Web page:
Installing on a Windows server with RDS

Installing on a Windows server with RDS (Remote Desktop Services/Terminal Services)

This article will explain what problems are encountered when you want to run Filecloud in a Remote Desktop Services setup, and how to resolve them.
Filecloud will work out of the box on Windows server operating systems.
However, when you want to use the Windows server with Remote Desktop Services to allow users to remotely connect to it, there are some problems you might encounter:

  • The data is synchronised to the local hard drive of the Windows server, causing a lot of duplicate data and network traffic.
  • Users can see the disk drives that other users have mounted.
  • If the RDS server is configured to remove local application data at every logout, the user will have to import, and re-sync their data in every session, causing a bad user experience, data that is not immediately accessible, and unnecessary network traffic. It also renders ‘TheftGuard’ unusable, as you will have a new ‘computer’ entry for every session.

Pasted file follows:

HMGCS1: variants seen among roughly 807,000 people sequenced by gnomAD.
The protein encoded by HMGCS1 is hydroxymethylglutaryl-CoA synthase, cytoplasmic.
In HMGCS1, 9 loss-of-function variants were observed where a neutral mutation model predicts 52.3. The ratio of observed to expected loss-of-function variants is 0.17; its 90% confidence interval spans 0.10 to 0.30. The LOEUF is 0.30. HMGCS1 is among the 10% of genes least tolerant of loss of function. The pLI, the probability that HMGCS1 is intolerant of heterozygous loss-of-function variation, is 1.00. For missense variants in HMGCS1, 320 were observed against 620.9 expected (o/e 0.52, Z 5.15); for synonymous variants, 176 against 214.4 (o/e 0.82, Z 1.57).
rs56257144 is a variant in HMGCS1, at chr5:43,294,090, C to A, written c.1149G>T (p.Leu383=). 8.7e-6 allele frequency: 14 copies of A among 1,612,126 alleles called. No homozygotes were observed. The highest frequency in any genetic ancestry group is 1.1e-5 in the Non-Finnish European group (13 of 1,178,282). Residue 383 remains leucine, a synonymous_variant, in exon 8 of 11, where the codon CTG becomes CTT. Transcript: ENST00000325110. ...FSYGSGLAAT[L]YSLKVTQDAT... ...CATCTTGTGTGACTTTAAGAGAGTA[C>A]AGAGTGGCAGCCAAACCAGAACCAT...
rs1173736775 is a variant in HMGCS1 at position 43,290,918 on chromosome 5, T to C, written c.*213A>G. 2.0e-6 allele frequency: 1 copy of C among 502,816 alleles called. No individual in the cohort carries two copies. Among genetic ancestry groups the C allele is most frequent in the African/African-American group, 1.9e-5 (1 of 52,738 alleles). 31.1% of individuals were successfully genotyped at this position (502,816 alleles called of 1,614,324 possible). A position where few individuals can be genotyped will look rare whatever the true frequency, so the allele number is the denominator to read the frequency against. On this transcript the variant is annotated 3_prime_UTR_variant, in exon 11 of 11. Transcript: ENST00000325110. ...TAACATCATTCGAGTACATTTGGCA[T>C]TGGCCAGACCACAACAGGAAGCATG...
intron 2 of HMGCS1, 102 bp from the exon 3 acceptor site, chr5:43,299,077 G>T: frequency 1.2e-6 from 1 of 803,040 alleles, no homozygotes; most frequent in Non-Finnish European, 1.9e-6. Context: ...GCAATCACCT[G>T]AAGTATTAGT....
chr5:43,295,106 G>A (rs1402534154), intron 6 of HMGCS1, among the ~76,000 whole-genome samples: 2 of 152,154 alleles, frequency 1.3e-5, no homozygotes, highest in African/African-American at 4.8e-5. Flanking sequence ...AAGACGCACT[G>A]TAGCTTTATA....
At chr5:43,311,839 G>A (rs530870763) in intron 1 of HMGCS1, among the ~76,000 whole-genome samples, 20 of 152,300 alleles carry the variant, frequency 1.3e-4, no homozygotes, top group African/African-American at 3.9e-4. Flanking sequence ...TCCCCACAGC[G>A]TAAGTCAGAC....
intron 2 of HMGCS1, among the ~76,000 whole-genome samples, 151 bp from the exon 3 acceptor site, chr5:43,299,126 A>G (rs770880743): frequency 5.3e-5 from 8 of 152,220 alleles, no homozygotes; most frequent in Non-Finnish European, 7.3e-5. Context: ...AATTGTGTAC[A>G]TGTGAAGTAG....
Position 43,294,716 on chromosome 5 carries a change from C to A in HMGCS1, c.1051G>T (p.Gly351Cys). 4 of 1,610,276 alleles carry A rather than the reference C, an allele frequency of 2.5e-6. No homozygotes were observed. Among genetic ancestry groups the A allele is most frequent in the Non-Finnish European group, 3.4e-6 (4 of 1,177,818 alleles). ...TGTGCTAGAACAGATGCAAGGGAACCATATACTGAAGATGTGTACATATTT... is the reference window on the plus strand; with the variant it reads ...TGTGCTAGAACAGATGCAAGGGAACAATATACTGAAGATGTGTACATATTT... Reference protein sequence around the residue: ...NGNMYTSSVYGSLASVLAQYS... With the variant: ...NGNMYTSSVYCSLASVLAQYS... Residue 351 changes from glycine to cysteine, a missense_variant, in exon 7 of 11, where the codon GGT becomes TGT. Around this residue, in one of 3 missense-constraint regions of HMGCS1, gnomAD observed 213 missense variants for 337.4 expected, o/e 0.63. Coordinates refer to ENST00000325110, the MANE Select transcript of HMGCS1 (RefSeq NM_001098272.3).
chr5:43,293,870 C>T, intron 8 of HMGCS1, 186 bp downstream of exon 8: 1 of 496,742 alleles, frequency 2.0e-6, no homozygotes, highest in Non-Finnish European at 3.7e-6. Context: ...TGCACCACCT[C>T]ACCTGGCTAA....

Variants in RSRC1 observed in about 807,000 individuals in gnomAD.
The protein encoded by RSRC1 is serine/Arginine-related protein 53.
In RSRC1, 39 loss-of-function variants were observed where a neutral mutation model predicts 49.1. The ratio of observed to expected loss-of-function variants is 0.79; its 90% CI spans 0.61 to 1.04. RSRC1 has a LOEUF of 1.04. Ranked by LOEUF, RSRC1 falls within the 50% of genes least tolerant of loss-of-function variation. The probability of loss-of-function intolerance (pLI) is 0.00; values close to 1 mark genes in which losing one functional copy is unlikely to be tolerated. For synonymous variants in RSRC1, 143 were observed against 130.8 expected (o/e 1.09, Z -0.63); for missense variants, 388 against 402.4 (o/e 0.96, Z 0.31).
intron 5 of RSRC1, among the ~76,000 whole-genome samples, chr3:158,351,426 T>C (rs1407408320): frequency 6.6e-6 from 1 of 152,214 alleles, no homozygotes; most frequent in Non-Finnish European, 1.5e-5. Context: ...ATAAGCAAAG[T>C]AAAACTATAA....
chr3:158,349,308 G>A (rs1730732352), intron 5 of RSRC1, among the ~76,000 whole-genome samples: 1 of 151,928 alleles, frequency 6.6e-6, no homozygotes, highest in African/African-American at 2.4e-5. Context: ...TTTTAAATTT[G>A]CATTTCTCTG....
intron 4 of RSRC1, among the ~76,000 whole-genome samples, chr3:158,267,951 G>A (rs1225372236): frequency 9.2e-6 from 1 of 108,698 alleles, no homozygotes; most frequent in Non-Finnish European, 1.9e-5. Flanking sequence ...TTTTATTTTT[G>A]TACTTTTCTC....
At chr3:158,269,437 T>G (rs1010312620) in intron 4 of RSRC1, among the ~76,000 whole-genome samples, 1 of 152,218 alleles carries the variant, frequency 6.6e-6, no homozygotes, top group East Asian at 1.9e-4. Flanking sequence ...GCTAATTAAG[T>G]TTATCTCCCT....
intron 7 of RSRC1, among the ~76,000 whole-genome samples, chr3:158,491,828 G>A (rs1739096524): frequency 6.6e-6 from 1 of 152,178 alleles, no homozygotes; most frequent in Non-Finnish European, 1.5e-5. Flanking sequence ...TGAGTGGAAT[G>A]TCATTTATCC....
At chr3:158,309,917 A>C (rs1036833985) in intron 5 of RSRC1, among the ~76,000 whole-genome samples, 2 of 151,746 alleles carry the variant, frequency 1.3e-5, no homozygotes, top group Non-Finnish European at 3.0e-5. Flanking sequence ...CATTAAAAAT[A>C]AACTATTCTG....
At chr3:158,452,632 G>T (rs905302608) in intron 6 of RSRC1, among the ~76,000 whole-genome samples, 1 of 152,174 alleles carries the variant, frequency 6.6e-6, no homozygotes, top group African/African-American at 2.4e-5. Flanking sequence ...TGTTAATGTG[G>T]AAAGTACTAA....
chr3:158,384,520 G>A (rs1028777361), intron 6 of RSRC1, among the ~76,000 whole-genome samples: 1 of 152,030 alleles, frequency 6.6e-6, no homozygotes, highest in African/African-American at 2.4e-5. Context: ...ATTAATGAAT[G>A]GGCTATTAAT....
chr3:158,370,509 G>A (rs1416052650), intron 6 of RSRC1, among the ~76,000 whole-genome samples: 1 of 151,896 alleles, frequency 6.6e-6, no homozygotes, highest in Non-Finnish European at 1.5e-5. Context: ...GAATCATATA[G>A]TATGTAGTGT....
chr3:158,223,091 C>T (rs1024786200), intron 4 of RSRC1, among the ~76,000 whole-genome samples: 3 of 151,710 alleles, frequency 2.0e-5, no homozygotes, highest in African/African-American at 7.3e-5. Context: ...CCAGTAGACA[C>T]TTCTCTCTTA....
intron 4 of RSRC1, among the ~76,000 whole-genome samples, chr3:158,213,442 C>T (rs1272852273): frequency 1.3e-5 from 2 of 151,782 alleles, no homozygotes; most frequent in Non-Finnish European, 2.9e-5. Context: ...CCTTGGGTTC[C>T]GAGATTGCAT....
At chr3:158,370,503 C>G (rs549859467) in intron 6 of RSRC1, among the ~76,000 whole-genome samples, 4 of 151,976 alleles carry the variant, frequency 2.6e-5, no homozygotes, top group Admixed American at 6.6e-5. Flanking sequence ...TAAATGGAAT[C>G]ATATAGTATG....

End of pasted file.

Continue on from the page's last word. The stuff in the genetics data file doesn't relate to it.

The Filecloud software can be configured (using registry keys/group policies) to avoid these problems.

The solutions:

  • WebDAV:

    The client can be configured to import the Vaults through the WebDAV protocol, instead of synchronising everything to the local filesystem.
    To do this, create the following registry entry (of type REG_SZ):
with value: WebDAV
After a client restart, all Vaults you import will be mounted using WebDAV, with the standard Microsoft WebClient tool.
  • Changing configuration location:

    By default, Filecloud stores it’s configuration in 2 places: %LOCALAPPDATA% and %APPDATA%.
    On many RDS servers, the Filecloud config in %LOCALAPPDATA% is removed whenever a user logs out. To prevent this, create the following registry entry (of type REG_SZ):
with as value a user-specific path value that is not automatically removed, example: %APPDATA%\FilecloudConfig